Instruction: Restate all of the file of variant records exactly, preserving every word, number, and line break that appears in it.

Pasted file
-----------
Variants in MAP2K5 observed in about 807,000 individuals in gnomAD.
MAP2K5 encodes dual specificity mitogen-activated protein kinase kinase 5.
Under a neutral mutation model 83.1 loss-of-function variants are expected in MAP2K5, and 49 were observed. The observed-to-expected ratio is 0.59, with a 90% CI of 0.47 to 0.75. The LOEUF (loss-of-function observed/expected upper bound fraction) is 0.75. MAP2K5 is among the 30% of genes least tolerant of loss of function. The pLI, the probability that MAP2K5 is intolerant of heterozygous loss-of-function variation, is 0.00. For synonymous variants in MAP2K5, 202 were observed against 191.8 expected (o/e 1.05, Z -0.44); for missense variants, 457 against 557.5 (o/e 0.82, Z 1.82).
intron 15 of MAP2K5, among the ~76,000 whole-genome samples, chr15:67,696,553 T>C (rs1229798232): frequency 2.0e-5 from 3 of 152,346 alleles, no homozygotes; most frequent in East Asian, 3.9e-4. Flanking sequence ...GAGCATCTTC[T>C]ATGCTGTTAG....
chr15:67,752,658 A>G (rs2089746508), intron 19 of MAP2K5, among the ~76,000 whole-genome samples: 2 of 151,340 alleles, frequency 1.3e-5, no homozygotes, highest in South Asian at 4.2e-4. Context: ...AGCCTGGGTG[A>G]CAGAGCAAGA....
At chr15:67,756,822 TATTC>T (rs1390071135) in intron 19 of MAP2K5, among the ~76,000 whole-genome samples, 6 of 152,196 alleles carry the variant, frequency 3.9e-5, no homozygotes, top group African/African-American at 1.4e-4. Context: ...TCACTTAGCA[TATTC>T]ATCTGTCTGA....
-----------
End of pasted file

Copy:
Variants in MAP2K5 observed in about 807,000 individuals in gnomAD.
MAP2K5 encodes dual specificity mitogen-activated protein kinase kinase 5.
Under a neutral mutation model 83.1 loss-of-function variants are expected in MAP2K5, and 49 were observed. The observed-to-expected ratio is 0.59, with a 90% CI of 0.47 to 0.75. The LOEUF (loss-of-function observed/expected upper bound fraction) is 0.75. MAP2K5 is among the 30% of genes least tolerant of loss of function. The pLI, the probability that MAP2K5 is intolerant of heterozygous loss-of-function variation, is 0.00. For synonymous variants in MAP2K5, 202 were observed against 191.8 expected (o/e 1.05, Z -0.44); for missense variants, 457 against 557.5 (o/e 0.82, Z 1.82).
intron 15 of MAP2K5, among the ~76,000 whole-genome samples, chr15:67,696,553 T>C (rs1229798232): frequency 2.0e-5 from 3 of 152,346 alleles, no homozygotes; most frequent in East Asian, 3.9e-4. Flanking sequence ...GAGCATCTTC[T>C]ATGCTGTTAG....
chr15:67,752,658 A>G (rs2089746508), intron 19 of MAP2K5, among the ~76,000 whole-genome samples: 2 of 151,340 alleles, frequency 1.3e-5, no homozygotes, highest in South Asian at 4.2e-4. Context: ...AGCCTGGGTG[A>G]CAGAGCAAGA....
At chr15:67,756,822 TATTC>T (rs1390071135) in intron 19 of MAP2K5, among the ~76,000 whole-genome samples, 6 of 152,196 alleles carry the variant, frequency 3.9e-5, no homozygotes, top group African/African-American at 1.4e-4. Context: ...TCACTTAGCA[TATTC>T]ATCTGTCTGA....